The comments section of his blog (and mine, by the way) enforces a 1000-character limit which is far too short to mount any kind of significant reply. That's one of the reasons I don't tend to engage in long discussions in the comments here. (That's not usually a problem - I don't get a whole lot of comments, anyway.) So, rather than reply in the comments section, a new blog was written to address my comment. You'll find that one here. What you'll find is an affirmative answer: he - and, by extension, a large group of other folks who oppose this administration - would absolutely not be satisfied with President Bush saying "Yes, we mishandled certain aspects of the war and..." etc. And yes, they do want him to stand up and say the war as a whole is a mistake. (Give them the shot at rubbing the genie's lamp and I'm sure they'd like to follow that up with his immediate and public resignation and surrender to the Hague so he can plead guilty to war crimes while also admitting publicly that he stole both elections and there's only 10 people who voted for him anyway. But admitting he's a filthy liar who waged illegal war will suffice.) This being a busy week, I didn't have time to put together a blog here responding to his response and I intended to do that this weekend. Knowing that this is the blogosphere and linking to original info is key, I was going to set aside some significant time to put the links together to challenge his assertion in the so-called "logical" method, meaning sticking to the "rules" of argumentation. For those of you not educated in the matter, here's the prime directive:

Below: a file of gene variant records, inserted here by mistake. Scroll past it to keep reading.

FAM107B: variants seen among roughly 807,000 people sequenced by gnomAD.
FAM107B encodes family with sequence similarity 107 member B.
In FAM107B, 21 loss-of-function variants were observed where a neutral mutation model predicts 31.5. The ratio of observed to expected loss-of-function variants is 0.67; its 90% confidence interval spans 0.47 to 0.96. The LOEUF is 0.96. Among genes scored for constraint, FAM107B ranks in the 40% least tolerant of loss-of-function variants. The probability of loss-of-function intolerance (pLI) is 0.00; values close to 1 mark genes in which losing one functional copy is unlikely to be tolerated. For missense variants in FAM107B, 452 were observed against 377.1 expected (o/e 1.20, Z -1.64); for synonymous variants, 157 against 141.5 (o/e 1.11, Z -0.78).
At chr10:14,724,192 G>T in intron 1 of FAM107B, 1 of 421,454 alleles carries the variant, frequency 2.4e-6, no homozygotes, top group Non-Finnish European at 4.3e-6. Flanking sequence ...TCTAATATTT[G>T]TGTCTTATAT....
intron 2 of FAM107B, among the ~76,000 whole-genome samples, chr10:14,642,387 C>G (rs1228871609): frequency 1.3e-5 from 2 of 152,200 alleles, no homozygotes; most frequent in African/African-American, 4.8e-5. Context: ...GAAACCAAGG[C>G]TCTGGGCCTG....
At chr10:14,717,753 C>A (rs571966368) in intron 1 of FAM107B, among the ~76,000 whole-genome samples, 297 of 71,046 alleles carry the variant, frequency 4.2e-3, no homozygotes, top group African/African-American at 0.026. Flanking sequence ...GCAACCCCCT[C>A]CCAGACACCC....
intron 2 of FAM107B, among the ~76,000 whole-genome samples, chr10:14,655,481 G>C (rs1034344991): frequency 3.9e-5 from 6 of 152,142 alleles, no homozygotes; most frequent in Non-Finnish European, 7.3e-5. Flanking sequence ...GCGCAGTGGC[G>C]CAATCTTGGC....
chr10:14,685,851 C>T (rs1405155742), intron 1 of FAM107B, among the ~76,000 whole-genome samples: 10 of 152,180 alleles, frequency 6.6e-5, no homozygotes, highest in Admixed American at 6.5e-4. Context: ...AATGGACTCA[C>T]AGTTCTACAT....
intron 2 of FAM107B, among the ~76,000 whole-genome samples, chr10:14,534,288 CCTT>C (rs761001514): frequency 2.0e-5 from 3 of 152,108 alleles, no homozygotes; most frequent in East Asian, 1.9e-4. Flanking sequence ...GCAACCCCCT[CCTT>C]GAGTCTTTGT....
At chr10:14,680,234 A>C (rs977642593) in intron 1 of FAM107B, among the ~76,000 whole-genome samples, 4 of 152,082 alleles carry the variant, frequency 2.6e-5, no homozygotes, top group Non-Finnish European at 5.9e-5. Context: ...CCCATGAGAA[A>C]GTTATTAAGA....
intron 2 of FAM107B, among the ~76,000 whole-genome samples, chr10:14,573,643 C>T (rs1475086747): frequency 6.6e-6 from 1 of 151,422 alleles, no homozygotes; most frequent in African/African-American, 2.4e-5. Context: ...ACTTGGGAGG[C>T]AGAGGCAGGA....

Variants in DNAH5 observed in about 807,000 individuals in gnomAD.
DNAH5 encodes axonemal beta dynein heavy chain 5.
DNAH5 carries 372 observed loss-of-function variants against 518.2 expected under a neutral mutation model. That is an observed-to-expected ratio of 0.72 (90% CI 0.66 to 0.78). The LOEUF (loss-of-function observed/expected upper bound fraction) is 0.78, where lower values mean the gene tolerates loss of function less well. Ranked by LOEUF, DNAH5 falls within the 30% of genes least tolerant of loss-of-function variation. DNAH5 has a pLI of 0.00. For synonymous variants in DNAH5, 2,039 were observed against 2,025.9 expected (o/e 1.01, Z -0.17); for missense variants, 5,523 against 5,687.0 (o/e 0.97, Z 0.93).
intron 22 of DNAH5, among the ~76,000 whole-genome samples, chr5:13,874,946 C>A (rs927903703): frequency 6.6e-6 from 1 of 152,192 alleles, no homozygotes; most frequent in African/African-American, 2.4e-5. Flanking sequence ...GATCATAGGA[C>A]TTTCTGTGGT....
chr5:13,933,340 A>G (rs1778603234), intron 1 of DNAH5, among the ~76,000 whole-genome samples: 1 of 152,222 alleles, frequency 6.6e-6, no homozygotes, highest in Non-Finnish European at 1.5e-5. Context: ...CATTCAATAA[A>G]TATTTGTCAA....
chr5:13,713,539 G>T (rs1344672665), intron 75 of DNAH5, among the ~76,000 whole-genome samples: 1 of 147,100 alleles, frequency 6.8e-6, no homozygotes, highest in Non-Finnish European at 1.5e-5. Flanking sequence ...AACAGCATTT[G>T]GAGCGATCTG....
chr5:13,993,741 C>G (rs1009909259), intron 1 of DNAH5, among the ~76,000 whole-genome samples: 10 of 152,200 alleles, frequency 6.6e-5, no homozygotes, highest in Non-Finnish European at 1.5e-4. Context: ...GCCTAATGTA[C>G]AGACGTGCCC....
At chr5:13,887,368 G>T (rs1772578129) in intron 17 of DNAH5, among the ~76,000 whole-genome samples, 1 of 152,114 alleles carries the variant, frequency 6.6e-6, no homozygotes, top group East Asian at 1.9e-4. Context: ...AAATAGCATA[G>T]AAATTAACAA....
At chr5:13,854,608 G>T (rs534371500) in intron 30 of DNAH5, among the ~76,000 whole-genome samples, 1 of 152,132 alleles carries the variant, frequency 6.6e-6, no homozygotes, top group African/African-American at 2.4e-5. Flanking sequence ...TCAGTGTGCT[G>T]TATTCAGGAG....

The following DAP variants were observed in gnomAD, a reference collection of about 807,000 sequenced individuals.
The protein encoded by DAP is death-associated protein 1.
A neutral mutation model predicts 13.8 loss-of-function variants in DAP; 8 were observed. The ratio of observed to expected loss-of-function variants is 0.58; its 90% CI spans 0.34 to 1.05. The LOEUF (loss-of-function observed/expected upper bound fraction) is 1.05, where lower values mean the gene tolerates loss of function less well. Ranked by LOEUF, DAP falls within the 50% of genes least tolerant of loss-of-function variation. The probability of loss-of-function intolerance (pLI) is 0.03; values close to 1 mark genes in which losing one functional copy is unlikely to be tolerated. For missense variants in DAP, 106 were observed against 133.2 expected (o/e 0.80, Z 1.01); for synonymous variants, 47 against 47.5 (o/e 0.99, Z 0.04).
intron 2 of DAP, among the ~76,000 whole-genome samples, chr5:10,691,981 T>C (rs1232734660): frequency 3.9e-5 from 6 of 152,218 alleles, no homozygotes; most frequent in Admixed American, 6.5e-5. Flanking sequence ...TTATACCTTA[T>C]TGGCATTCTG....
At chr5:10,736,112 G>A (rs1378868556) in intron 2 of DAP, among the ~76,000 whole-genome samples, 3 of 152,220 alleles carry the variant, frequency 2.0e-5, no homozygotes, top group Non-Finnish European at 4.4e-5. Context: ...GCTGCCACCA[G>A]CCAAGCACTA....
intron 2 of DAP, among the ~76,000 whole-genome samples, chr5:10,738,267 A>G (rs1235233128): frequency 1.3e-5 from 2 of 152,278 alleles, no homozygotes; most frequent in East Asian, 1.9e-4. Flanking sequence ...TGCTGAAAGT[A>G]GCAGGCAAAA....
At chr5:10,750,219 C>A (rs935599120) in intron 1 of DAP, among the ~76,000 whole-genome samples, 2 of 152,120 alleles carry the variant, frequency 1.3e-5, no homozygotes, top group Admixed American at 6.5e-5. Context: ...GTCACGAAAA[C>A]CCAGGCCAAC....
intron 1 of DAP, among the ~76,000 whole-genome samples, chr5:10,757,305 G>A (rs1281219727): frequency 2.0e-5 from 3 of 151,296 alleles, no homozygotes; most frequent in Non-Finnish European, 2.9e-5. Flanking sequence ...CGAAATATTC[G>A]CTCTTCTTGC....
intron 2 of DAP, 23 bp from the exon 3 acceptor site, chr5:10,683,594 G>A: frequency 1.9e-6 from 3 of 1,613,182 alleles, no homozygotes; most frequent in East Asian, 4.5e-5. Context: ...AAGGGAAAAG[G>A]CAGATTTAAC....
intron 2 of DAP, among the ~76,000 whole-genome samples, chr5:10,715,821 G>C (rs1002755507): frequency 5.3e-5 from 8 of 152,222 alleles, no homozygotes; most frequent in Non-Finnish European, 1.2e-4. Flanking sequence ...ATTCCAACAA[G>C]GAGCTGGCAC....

If the form of the argument is valid, and the premises are true, you must accept the conclusion if you wish to be rational on the topic.

The classic categorical syllogism goes like this: All men are mortal; Socrates is a man; therefore Socrates is mortal. Those first 2 parts are the premises and the last one is the conclusion. The form of the argument is valid (the category "men" is completed contained in the category "mortal", so any member of "men" is also a member of "mortal" - completely valid) and the premises are true (Socrates is a man and all men are mortal). That means, if you wish to be rational, you must accept the conclusion that Socrates is mortal. Painless, yes? Opposing any argument comes down to either successfully questioning the form of the argument or the truth of the premises. If any of the premises are false, then the conclusion isn't.... well, conclusive. No amount of wishing makes it so and if the argument isn't conclusive, it's not irrational to not be convinced.